This leads us to ask, if we have so many texts how do we know which one is correct? Our modern New Testament translations come from what is called an eclectic Greek text. Scholars from all different backgrounds (including non-believers) laid out all the known texts and then worked to reverse engineer the original text. The King James Version comes from the received text, which came from a certain set of texts instead of all the manuscripts. The translators of the KJV did not have access to the oldest texts like scholars do today. This is why certain passages and verses show up in the KJV but not in (or are only noted in some way) in modern translations. And yet, the KJV has relatively few differences from these modern translation that use all the manuscripts. In our modern translations scholars worked through a set of criteria to figure out what was originally written. Two influential textual scholars, Bruce Metzger and Bart Ehrman, summarize the process as follows:

External Evidence

  1. Do any of the variants occur in a majority of the early manuscripts? If a variant only shows up later, it’s likely it’s not original.

  2. Does any variant have more widespread geographical support than others? If a variant is in manuscripts from various regions, it’s more likely to be original.

  3. Which variant comes from the most reliable sources? Certain families of texts tend to be more reliable than others. For instance, western manuscripts tend to show more paraphrasing than copying while texts from Alexandria, Egypt indicate a careful copying process.

Internal Evidence

  1. Can you explain any of the variants as an unintentional error of a scribe? For instance, is a word misspelled or switched around?

  2. Which reading is more difficult? In general, the variant that is most puzzling is more likely original, because a scribe would naturally want to make things more clear. Although some variants are so absurdly difficult that they are unlikely to be original.

  3. Can certain variants be explained by a scribe’s desire to conform the text to certain beliefs or practices of a particular Christian group?

  4. Can you explain any of the variants as the scribe attempting to harmonize the passage with another part of the bible? In general, you should prefer the reading that resists harmonization.

  5. Does one reading fit better with the original author's style and usage elsewhere?

Daniel Wallace, the Director of the Center for the Study of New Testament Manuscripts, has put all these variants into the following categories:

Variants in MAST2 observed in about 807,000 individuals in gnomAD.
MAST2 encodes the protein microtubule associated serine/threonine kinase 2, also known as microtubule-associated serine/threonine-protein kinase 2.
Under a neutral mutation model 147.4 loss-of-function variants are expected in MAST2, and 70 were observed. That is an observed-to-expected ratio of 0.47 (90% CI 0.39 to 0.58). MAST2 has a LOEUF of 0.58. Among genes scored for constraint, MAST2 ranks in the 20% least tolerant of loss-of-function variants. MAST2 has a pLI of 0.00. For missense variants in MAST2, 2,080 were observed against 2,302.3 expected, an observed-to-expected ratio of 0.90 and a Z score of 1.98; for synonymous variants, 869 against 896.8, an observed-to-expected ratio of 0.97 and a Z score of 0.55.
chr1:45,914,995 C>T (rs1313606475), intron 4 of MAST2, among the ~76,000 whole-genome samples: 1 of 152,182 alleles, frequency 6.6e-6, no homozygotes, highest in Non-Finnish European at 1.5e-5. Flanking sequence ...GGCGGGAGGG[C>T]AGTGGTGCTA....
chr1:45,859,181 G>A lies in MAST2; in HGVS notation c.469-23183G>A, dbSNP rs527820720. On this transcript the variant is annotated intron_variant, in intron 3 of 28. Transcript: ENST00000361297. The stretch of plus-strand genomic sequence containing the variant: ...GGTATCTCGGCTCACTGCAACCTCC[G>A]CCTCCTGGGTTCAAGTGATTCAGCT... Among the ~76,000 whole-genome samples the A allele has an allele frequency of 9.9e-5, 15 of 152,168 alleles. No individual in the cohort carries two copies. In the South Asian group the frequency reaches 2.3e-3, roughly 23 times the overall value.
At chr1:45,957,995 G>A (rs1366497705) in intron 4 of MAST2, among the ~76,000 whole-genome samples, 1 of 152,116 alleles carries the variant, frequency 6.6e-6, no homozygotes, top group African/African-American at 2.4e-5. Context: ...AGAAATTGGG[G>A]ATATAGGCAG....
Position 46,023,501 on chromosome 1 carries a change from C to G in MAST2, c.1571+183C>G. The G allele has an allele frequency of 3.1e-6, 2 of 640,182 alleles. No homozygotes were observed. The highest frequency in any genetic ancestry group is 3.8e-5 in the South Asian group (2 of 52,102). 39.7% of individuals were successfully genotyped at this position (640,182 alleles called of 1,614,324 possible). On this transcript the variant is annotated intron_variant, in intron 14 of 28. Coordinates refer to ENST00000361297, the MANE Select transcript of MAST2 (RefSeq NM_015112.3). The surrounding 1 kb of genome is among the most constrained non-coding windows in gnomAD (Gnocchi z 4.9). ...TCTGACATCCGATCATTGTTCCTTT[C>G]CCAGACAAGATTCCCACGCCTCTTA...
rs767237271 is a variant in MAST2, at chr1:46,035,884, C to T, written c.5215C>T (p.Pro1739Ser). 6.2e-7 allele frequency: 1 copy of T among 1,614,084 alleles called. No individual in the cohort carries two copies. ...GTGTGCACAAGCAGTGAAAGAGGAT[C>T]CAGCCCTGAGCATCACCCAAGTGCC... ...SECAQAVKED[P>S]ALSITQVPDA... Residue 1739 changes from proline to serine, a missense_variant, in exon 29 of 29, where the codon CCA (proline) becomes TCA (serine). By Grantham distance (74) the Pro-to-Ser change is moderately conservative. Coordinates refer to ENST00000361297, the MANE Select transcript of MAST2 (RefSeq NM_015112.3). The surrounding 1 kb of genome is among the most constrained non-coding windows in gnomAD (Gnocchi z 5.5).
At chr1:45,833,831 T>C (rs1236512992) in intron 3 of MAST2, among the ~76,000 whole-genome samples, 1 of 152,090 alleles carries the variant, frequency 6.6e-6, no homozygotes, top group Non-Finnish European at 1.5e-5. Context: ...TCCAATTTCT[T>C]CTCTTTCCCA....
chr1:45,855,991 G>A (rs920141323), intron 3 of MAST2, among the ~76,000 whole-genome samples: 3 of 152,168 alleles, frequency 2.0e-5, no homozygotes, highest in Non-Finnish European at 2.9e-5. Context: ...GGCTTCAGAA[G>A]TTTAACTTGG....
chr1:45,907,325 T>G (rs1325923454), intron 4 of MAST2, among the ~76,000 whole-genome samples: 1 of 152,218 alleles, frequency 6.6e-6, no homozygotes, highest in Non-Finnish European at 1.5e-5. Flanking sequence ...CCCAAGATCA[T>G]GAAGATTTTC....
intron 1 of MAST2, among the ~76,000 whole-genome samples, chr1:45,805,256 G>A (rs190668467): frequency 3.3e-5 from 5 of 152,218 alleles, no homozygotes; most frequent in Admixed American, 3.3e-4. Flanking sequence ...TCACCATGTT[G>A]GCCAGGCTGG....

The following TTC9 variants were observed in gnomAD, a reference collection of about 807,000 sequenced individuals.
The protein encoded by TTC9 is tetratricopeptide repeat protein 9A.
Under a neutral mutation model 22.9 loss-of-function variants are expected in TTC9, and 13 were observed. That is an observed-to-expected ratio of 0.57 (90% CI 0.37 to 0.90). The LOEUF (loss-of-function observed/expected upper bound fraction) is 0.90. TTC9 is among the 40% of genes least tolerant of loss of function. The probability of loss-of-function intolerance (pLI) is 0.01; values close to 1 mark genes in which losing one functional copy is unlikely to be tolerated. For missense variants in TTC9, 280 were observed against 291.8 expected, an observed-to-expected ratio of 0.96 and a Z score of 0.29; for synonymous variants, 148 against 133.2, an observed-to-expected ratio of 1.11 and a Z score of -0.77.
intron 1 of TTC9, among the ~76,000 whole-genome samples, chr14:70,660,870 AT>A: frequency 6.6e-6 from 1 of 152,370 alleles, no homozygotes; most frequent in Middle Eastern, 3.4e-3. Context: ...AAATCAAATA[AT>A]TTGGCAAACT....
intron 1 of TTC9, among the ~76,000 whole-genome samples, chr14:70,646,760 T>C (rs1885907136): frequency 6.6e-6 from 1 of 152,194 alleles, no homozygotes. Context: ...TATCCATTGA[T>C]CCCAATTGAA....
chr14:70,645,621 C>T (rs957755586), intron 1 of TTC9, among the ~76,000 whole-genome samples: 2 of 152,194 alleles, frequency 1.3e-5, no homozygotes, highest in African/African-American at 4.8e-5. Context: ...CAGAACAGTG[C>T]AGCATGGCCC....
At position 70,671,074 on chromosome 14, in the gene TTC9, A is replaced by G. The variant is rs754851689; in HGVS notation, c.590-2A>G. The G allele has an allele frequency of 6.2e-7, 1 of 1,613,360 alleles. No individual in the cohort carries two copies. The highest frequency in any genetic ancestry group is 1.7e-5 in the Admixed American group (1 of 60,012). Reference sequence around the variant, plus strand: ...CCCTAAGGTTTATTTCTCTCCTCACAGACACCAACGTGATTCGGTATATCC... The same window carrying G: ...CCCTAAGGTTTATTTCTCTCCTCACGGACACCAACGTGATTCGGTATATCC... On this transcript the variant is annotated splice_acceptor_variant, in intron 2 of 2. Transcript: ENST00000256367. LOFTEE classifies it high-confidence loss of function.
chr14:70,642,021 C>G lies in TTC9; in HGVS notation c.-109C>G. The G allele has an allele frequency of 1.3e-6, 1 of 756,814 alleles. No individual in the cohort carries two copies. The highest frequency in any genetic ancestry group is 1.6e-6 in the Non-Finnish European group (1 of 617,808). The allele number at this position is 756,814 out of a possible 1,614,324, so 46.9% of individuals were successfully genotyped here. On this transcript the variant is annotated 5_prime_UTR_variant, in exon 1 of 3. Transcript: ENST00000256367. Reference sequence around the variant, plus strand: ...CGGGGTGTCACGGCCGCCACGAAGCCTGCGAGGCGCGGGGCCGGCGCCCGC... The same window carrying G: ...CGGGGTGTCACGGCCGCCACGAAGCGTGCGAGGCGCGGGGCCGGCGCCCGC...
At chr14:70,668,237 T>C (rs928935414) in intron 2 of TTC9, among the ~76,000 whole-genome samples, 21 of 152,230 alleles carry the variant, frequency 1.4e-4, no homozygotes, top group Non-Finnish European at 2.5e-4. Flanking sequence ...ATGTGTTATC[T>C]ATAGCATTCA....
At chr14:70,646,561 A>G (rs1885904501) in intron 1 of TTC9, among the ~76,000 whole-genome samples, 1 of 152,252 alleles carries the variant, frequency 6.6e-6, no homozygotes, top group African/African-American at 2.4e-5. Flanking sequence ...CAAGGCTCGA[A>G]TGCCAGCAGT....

Untranslatable variations are often changes in the Greek word order that don’t come across in English. Meaningful, but not viable variations are ones that make a change to the meaning of the sentence or passage, but are not viable for some reason. This could be because the variation only shows up in an unreliable manuscript or only shows up in much later manuscripts.

The blue sliver on the chart represents the less than one percent of the variations that are meaningful and viable. After working through the process outlined above, we find that in less than one percent of the variations, we are not exactly sure what the original said. But even in these cases, no crucial doctrines are at stake. In seminary we had to do a text criticism project where we examined one of these instances. I studied John 19:39 which says, “Nicodemus also, who earlier had come to Jesus by night, came bringing a mixture of myrrh and aloes, about seventy-five pounds in weight.” Instead of the word “mixture,” some variants say, “package” or “ointment” or a spelling variation of the greek word for “package.” As you can see, none of these options brings a substantial challenge to any key doctrines of our faith.


Congratulations if you’ve made it this far! Hopefully you’ve been able to follow what I’ve written and now have a greater confidence in the authenticity of the New Testament. The Bible was incredibly popular early on, which led to an overwhelming number of copies--some good and some less good. But all the variants that did occur have been documented and taken into account in our modern translations. Our Bible didn’t come from a “telephone game” process; in fact, our translations go back to the earliest documents we have. Additionally, our Bibles are not the work of theologically motivated groups; where theological changes were introduced into other texts, they have been noted by textual scholars and removed as not original. We should have confidence that the New Testaments we have closely mirror what was originally written.

In Christ,

Pastor Jon

Additional Resources

If you’re interested in learning more check out these two websites:

Naomi Winebrenner